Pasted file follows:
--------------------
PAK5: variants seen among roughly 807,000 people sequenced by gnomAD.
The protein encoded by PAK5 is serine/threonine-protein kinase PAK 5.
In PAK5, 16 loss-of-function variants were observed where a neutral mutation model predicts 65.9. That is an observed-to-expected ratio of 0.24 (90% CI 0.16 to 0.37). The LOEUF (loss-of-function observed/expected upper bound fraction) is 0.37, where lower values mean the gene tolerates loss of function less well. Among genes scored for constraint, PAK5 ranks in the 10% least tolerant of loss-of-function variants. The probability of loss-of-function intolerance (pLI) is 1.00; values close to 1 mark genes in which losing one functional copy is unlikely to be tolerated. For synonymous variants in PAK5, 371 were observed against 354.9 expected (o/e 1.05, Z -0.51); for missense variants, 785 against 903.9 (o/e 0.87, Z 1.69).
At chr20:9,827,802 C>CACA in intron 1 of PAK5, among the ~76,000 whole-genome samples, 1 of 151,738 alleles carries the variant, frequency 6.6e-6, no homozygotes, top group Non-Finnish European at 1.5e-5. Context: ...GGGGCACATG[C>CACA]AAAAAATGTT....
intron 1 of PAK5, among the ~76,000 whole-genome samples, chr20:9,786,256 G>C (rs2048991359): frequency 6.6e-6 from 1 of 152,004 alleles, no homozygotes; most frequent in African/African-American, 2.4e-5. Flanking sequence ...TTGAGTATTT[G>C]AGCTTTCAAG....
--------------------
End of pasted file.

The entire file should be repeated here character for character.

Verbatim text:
PAK5: variants seen among roughly 807,000 people sequenced by gnomAD.
The protein encoded by PAK5 is serine/threonine-protein kinase PAK 5.
In PAK5, 16 loss-of-function variants were observed where a neutral mutation model predicts 65.9. That is an observed-to-expected ratio of 0.24 (90% CI 0.16 to 0.37). The LOEUF (loss-of-function observed/expected upper bound fraction) is 0.37, where lower values mean the gene tolerates loss of function less well. Among genes scored for constraint, PAK5 ranks in the 10% least tolerant of loss-of-function variants. The probability of loss-of-function intolerance (pLI) is 1.00; values close to 1 mark genes in which losing one functional copy is unlikely to be tolerated. For synonymous variants in PAK5, 371 were observed against 354.9 expected (o/e 1.05, Z -0.51); for missense variants, 785 against 903.9 (o/e 0.87, Z 1.69).
At chr20:9,827,802 C>CACA in intron 1 of PAK5, among the ~76,000 whole-genome samples, 1 of 151,738 alleles carries the variant, frequency 6.6e-6, no homozygotes, top group Non-Finnish European at 1.5e-5. Context: ...GGGGCACATG[C>CACA]AAAAAATGTT....
intron 1 of PAK5, among the ~76,000 whole-genome samples, chr20:9,786,256 G>C (rs2048991359): frequency 6.6e-6 from 1 of 152,004 alleles, no homozygotes; most frequent in African/African-American, 2.4e-5. Flanking sequence ...TTGAGTATTT[G>C]AGCTTTCAAG....